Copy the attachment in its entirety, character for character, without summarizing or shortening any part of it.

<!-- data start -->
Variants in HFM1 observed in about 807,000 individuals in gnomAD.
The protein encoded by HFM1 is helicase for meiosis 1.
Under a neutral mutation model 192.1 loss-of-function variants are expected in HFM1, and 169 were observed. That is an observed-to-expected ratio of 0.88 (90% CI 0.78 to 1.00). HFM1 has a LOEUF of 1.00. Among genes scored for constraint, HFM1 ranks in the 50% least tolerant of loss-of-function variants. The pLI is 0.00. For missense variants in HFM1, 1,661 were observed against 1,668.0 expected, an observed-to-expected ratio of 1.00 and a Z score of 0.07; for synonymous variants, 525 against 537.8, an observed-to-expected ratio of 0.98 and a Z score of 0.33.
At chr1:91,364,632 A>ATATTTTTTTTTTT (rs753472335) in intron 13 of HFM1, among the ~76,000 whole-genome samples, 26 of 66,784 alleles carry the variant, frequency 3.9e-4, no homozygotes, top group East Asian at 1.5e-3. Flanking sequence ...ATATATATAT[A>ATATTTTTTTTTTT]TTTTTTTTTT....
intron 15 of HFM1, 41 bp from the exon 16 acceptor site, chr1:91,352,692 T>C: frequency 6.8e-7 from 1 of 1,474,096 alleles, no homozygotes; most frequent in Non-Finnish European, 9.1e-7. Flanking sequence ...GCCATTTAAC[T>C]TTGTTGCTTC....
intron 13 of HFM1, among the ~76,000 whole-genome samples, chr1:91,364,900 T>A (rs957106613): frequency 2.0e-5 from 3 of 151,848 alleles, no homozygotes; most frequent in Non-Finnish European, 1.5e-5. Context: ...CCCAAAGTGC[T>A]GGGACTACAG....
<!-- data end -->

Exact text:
Variants in HFM1 observed in about 807,000 individuals in gnomAD.
The protein encoded by HFM1 is helicase for meiosis 1.
Under a neutral mutation model 192.1 loss-of-function variants are expected in HFM1, and 169 were observed. That is an observed-to-expected ratio of 0.88 (90% CI 0.78 to 1.00). HFM1 has a LOEUF of 1.00. Among genes scored for constraint, HFM1 ranks in the 50% least tolerant of loss-of-function variants. The pLI is 0.00. For missense variants in HFM1, 1,661 were observed against 1,668.0 expected, an observed-to-expected ratio of 1.00 and a Z score of 0.07; for synonymous variants, 525 against 537.8, an observed-to-expected ratio of 0.98 and a Z score of 0.33.
At chr1:91,364,632 A>ATATTTTTTTTTTT (rs753472335) in intron 13 of HFM1, among the ~76,000 whole-genome samples, 26 of 66,784 alleles carry the variant, frequency 3.9e-4, no homozygotes, top group East Asian at 1.5e-3. Flanking sequence ...ATATATATAT[A>ATATTTTTTTTTTT]TTTTTTTTTT....
intron 15 of HFM1, 41 bp from the exon 16 acceptor site, chr1:91,352,692 T>C: frequency 6.8e-7 from 1 of 1,474,096 alleles, no homozygotes; most frequent in Non-Finnish European, 9.1e-7. Flanking sequence ...GCCATTTAAC[T>C]TTGTTGCTTC....
intron 13 of HFM1, among the ~76,000 whole-genome samples, chr1:91,364,900 T>A (rs957106613): frequency 2.0e-5 from 3 of 151,848 alleles, no homozygotes; most frequent in Non-Finnish European, 1.5e-5. Context: ...CCCAAAGTGC[T>A]GGGACTACAG....